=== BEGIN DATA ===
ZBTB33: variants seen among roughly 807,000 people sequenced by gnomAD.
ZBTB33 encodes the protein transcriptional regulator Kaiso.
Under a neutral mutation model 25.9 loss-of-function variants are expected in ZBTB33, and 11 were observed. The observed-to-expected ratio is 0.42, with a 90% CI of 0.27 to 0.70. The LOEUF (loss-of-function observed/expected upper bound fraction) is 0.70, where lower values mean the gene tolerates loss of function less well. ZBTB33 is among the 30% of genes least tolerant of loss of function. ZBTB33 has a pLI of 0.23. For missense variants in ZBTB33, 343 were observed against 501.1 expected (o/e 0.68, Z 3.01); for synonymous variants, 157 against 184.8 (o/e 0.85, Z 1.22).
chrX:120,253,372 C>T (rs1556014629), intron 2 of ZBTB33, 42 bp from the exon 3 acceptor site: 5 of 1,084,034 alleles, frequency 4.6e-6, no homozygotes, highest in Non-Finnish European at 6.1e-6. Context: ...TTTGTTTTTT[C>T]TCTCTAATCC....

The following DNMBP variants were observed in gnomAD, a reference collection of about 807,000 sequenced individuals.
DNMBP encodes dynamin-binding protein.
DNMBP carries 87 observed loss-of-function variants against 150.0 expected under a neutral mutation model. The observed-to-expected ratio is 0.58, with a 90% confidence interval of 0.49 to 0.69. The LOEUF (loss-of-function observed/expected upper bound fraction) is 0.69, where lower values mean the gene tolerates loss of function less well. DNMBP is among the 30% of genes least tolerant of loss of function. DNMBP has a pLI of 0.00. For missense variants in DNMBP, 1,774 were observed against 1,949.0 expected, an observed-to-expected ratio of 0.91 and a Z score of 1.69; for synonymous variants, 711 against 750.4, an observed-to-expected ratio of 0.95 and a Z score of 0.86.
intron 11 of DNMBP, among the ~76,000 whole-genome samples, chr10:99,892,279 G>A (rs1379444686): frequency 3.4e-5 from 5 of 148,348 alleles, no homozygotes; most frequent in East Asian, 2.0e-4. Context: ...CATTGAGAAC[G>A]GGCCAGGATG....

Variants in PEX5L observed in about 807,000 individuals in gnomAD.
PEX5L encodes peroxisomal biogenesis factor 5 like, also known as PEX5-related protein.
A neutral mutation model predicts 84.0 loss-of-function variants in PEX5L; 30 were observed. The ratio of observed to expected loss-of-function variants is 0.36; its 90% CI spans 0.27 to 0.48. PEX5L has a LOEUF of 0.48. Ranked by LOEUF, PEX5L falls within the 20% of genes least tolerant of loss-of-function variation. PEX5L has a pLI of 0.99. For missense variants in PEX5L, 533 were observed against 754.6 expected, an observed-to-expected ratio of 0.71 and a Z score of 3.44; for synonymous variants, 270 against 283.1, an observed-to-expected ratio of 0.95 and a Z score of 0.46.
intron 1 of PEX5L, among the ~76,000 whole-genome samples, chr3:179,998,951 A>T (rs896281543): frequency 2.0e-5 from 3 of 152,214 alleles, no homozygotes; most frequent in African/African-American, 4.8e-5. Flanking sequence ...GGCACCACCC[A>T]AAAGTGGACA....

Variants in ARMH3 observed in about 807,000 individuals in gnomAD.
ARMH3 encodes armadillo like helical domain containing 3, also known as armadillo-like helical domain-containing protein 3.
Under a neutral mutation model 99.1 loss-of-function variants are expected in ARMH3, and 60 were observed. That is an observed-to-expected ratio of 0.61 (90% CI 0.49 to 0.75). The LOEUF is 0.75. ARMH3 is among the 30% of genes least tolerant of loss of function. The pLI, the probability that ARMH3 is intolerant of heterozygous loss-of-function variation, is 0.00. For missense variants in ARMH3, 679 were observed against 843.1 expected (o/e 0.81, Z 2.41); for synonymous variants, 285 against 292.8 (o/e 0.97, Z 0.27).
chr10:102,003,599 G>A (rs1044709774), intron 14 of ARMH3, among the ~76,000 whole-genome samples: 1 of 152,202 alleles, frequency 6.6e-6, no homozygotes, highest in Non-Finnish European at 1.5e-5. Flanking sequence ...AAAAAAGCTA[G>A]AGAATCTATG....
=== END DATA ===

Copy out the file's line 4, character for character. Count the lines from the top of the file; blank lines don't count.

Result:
chrX:120,253,372 C>T (rs1556014629), intron 2 of ZBTB33, 42 bp from the exon 3 acceptor site: 5 of 1,084,034 alleles, frequency 4.6e-6, no homozygotes, highest in Non-Finnish European at 6.1e-6. Context: ...TTTGTTTTTT[C>T]TCTCTAATCC....